While in the past the cabin crew profession was a job for life, in the last decade or so, because of the transformation of airline business models, the profession has experienced a growing turnover rate. Mario Pierobon finds out more.

The positive growth the industry has witnessed during the last few years, with the relative difficulty in finding new hires, has brought about new challenges. Developing cabin crew professionalism remains a key practice for effective airline management.

Turnover Rate

“In the past 10 years the aviation market has been developing at an extreme pace. Even though some airlines fail to withstand the competition, they are quickly replaced with the new or bigger airlines,” said Loreta Krupenkiniene, head of cabin crew and safety training at BAA Training. “Therefore with such high development in the market, we are witnessing growing cabin crew demand. Naturally, trying to keep up with such demand airlines escalate cabin crew career possibilities, while the cabin crew career starts to gain a new face.”

“Lufthansa is a very attractive employer, therefore the turnover rates are relatively low,” said Lufthansa Airlines HR Manager Martina Niemann. “New hires are mainly required as a result of natural fluctuation or an increase in capacity. Some other factors include demand for part-time job models, family planning or parental leave, fluctuating absence due to illness and changes in aircraft productivity planning, which result in specific crew requirements.”

Louisa Fisher, cabin safety programme manager at FlightSafety International notes that “aviation becomes more active when the economy is doing well, and we have seen this for the past two years. Most airlines are busier than ever and new airlines have opened. For the cabin crewmember and flight attendant, overall turnover is reduced and new opportunities are becoming available.”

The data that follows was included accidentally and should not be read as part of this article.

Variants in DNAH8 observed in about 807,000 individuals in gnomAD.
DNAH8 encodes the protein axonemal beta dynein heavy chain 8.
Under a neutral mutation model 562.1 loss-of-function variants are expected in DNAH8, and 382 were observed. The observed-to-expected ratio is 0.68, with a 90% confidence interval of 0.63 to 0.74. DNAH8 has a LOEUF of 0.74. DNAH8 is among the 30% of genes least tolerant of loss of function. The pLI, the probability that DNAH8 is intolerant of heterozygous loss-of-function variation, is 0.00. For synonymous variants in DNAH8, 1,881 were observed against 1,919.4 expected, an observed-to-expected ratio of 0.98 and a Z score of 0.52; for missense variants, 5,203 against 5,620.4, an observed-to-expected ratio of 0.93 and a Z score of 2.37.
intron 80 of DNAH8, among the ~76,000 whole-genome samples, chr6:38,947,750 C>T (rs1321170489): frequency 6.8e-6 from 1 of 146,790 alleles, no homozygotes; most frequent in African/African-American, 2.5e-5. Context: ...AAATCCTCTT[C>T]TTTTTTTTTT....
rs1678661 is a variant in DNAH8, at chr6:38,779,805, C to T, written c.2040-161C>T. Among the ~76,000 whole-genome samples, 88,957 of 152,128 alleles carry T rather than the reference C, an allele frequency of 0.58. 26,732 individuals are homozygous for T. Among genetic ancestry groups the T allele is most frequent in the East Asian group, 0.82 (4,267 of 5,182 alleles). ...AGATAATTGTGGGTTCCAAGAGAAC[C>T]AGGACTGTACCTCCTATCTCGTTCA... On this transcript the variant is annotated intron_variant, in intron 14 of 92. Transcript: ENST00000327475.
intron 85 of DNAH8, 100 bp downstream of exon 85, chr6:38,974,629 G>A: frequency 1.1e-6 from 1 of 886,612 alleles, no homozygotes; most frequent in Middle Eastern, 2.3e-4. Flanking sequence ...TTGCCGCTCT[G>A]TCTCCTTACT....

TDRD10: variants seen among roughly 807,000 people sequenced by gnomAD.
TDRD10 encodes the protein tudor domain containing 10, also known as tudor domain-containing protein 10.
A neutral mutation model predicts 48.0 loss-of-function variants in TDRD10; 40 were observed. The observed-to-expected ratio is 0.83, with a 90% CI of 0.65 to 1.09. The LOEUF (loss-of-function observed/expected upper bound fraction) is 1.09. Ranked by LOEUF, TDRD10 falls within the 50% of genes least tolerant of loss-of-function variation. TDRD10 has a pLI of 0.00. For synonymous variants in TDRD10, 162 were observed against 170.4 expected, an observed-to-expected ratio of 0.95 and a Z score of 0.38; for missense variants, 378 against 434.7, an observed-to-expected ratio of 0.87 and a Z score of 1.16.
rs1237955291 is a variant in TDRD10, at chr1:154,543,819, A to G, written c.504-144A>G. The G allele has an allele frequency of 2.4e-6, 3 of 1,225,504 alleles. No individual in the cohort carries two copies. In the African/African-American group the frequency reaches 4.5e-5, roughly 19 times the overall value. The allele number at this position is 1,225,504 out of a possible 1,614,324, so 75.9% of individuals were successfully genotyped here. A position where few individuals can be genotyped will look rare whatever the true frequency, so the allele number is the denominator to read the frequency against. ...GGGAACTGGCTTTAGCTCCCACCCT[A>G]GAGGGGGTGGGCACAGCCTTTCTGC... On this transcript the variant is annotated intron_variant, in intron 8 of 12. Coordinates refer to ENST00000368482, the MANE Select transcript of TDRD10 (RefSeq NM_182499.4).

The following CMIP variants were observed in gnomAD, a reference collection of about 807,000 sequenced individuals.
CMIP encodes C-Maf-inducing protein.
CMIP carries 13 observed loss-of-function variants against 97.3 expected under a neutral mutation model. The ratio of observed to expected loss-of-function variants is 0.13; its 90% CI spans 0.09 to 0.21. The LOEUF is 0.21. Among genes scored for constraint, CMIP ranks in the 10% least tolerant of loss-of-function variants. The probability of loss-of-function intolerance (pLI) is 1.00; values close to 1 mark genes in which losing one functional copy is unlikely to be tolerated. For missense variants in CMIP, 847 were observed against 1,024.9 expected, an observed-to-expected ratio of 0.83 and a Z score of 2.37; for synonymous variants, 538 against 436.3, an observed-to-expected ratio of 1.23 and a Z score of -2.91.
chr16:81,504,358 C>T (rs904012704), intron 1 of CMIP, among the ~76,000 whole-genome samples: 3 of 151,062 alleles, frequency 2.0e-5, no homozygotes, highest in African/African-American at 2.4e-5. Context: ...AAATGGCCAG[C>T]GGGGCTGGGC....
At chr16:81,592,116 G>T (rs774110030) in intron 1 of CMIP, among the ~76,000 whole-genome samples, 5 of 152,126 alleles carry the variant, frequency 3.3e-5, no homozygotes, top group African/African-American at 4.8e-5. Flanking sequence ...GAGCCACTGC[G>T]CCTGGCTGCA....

In the past becoming a flight attendant was considered an extraordinary and exclusive thing; today airlines change their requirements making the profession more easily reachable. “For example, there was a time when every flight attendant had to have a medical education, while today you only have to successfully undergo the first aid training,” said Krupenkiniene.

Organisational Belonging

As part of the professionalisation of cabin crews it is important that they are instilled with a sense of organisational belonging, this is also achieved through training. Organisations should always seek to recruit the best employees. When competition is high, like in the airline industry, there is the need to select the best people in order to face competition with the best resources at hand.

Krupenkiniene points out that “these are good times for flight crews, as there is a heavy competition among employers chasing for professionals. That is why every organisation understanding the importance of stable human resources appreciates their employees and takes an extra mile when creating more attractive working conditions. And that is not limited only to the salary, but also all other bonuses that may come with the job: appealing flight base location, discount for air tickets for leisure travel, medical insurance etc.” she said. “Equally important is the quality of cabin crew training, in fact airlines are looking for exclusive training solutions. As the initial cabin crew training programme is regulated by EASA, the programme itself is the same, however, you may see the difference in the training equipment and the quality of facilities, instructors’ professionalism and the complexity of training. For example why go somewhere else, if you can undergo all the needed training (cabin crew or even cabin crew and pilot) in one place? That not only gives the opportunity of very convenient time-saving training but also saves money for the airlines.”

Organisational belonging should be part of any safe flight operation as a natural extension of crew resource management (CRM). “Emergency procedures training clearly states the need for clear and respectful communication between all aircraft crewmembers. Communication utilising the techniques recommended by CRM are not only trained throughout the academic training elements but exercised through the scenario training drills,” said Fisher.